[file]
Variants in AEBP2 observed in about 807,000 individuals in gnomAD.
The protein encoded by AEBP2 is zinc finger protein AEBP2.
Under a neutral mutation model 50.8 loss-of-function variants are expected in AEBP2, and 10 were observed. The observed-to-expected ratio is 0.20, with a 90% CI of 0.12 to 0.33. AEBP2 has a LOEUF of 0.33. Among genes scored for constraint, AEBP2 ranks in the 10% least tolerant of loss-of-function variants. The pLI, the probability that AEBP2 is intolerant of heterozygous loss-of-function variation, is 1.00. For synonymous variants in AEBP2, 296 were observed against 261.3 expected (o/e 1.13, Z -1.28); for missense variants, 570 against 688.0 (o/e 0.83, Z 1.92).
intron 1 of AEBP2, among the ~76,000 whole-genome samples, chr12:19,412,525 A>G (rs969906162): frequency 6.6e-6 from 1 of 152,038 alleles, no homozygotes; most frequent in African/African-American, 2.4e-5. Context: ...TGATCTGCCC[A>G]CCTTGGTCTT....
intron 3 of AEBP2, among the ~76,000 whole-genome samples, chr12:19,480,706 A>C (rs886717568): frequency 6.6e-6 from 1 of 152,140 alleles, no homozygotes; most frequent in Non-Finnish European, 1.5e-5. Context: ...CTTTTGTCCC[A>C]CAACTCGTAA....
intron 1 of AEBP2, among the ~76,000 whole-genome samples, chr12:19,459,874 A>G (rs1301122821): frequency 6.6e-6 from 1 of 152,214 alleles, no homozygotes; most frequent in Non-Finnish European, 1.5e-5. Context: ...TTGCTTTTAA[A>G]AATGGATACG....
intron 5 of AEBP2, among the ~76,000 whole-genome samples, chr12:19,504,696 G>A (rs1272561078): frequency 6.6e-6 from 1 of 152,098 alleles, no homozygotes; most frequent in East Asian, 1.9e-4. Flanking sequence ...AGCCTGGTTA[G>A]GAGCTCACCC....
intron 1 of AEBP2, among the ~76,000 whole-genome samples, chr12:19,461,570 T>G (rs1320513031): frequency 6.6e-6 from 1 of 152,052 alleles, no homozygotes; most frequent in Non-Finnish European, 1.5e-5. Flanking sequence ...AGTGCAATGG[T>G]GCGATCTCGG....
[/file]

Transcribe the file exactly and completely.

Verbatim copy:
Variants in AEBP2 observed in about 807,000 individuals in gnomAD.
The protein encoded by AEBP2 is zinc finger protein AEBP2.
Under a neutral mutation model 50.8 loss-of-function variants are expected in AEBP2, and 10 were observed. The observed-to-expected ratio is 0.20, with a 90% CI of 0.12 to 0.33. AEBP2 has a LOEUF of 0.33. Among genes scored for constraint, AEBP2 ranks in the 10% least tolerant of loss-of-function variants. The pLI, the probability that AEBP2 is intolerant of heterozygous loss-of-function variation, is 1.00. For synonymous variants in AEBP2, 296 were observed against 261.3 expected (o/e 1.13, Z -1.28); for missense variants, 570 against 688.0 (o/e 0.83, Z 1.92).
intron 1 of AEBP2, among the ~76,000 whole-genome samples, chr12:19,412,525 A>G (rs969906162): frequency 6.6e-6 from 1 of 152,038 alleles, no homozygotes; most frequent in African/African-American, 2.4e-5. Context: ...TGATCTGCCC[A>G]CCTTGGTCTT....
intron 3 of AEBP2, among the ~76,000 whole-genome samples, chr12:19,480,706 A>C (rs886717568): frequency 6.6e-6 from 1 of 152,140 alleles, no homozygotes; most frequent in Non-Finnish European, 1.5e-5. Context: ...CTTTTGTCCC[A>C]CAACTCGTAA....
intron 1 of AEBP2, among the ~76,000 whole-genome samples, chr12:19,459,874 A>G (rs1301122821): frequency 6.6e-6 from 1 of 152,214 alleles, no homozygotes; most frequent in Non-Finnish European, 1.5e-5. Context: ...TTGCTTTTAA[A>G]AATGGATACG....
intron 5 of AEBP2, among the ~76,000 whole-genome samples, chr12:19,504,696 G>A (rs1272561078): frequency 6.6e-6 from 1 of 152,098 alleles, no homozygotes; most frequent in East Asian, 1.9e-4. Flanking sequence ...AGCCTGGTTA[G>A]GAGCTCACCC....
intron 1 of AEBP2, among the ~76,000 whole-genome samples, chr12:19,461,570 T>G (rs1320513031): frequency 6.6e-6 from 1 of 152,052 alleles, no homozygotes; most frequent in Non-Finnish European, 1.5e-5. Flanking sequence ...AGTGCAATGG[T>G]GCGATCTCGG....